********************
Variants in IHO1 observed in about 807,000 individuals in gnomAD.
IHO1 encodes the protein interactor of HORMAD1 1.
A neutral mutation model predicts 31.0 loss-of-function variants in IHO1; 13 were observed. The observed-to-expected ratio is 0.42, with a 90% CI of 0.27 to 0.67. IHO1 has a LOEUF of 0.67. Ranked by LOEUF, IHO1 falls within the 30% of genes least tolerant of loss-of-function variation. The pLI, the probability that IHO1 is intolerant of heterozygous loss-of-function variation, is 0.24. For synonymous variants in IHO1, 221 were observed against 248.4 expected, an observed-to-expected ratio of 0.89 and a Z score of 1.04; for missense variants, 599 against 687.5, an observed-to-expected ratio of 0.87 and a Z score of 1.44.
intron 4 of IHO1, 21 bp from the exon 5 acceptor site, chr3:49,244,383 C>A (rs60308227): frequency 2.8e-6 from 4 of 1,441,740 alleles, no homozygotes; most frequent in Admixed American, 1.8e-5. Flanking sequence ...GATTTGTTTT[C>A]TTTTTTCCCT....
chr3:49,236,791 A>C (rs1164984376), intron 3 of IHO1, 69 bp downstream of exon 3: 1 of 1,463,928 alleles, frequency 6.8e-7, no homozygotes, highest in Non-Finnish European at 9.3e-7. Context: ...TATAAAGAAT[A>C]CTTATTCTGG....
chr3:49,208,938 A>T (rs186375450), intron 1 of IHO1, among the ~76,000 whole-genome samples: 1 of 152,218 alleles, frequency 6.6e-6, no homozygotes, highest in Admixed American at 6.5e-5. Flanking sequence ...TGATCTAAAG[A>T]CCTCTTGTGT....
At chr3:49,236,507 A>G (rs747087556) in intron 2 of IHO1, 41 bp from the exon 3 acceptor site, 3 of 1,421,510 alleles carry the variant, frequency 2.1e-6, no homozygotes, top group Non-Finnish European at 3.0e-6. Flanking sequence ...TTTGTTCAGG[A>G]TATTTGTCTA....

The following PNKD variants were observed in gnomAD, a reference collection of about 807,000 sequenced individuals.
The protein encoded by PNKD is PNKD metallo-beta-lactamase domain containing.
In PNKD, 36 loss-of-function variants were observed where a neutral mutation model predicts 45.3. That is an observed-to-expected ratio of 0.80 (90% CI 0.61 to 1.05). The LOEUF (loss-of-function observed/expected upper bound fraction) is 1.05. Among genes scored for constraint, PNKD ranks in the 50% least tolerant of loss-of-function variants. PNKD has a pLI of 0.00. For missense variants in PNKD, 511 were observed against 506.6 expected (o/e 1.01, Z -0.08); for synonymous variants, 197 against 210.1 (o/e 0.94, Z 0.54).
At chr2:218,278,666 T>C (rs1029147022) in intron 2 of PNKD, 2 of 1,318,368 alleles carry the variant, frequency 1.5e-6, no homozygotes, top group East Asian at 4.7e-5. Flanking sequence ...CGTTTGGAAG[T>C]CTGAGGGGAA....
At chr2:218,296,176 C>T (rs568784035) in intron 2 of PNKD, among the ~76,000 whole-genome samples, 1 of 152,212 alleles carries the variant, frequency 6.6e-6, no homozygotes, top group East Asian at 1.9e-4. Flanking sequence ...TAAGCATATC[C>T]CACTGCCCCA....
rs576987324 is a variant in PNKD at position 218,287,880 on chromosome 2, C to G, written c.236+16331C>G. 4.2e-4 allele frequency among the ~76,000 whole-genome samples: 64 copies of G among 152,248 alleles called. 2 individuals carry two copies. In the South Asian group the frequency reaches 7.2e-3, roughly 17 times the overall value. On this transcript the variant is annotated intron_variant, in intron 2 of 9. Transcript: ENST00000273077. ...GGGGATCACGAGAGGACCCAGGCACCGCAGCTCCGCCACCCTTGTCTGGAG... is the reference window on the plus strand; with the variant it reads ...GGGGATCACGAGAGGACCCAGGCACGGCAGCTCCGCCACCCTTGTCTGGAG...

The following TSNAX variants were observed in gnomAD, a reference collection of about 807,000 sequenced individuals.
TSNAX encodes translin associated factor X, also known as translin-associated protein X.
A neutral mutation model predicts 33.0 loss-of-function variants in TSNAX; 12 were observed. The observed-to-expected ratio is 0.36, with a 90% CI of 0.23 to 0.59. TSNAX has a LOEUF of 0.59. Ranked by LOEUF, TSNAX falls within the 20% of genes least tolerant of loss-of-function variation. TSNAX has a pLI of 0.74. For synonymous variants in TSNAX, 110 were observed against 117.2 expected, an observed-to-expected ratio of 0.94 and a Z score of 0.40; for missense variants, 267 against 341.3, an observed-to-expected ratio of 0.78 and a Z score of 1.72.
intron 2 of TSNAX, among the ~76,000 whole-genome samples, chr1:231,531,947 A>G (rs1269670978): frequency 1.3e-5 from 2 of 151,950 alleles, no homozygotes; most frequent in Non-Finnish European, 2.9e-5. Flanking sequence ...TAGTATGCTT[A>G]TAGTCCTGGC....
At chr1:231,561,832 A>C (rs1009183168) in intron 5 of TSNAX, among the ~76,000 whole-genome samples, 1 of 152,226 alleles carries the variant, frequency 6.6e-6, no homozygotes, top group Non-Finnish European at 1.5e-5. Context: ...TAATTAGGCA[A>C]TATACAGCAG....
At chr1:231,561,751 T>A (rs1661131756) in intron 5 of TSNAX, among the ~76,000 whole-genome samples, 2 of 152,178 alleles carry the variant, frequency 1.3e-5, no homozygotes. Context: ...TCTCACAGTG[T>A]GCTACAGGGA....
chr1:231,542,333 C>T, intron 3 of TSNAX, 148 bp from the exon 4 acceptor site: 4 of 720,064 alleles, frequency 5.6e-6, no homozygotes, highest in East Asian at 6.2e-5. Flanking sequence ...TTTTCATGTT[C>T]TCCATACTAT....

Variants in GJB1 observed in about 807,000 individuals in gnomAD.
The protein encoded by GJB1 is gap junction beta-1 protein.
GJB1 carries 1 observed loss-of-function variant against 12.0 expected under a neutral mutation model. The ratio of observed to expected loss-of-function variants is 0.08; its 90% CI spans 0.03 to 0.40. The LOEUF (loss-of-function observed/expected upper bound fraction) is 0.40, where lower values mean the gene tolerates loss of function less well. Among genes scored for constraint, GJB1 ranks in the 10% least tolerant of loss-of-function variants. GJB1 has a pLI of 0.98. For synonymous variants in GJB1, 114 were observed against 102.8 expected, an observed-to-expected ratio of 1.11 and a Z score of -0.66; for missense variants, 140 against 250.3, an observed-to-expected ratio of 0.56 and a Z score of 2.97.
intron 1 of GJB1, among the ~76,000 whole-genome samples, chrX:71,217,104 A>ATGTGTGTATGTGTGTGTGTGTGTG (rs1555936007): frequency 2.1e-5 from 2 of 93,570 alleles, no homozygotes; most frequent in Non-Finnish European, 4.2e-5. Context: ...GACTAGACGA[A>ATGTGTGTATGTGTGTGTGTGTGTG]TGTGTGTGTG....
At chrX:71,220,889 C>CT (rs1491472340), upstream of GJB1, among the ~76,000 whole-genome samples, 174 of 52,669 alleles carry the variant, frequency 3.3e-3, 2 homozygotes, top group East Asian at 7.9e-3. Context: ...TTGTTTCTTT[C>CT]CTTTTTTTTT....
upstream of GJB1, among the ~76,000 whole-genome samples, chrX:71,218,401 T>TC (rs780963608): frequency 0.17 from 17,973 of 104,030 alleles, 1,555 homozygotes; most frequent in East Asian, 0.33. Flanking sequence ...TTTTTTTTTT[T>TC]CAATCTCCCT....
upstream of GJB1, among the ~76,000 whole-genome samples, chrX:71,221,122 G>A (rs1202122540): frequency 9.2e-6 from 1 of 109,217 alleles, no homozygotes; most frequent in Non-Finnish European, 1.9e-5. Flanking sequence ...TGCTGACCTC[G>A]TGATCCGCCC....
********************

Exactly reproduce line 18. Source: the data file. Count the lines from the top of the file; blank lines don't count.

At chr1:231,561,832 A>C (rs1009183168) in intron 5 of TSNAX, among the ~76,000 whole-genome samples, 1 of 152,226 alleles carries the variant, frequency 6.6e-6, no homozygotes, top group Non-Finnish European at 1.5e-5. Context: ...TAATTAGGCA[A>C]TATACAGCAG....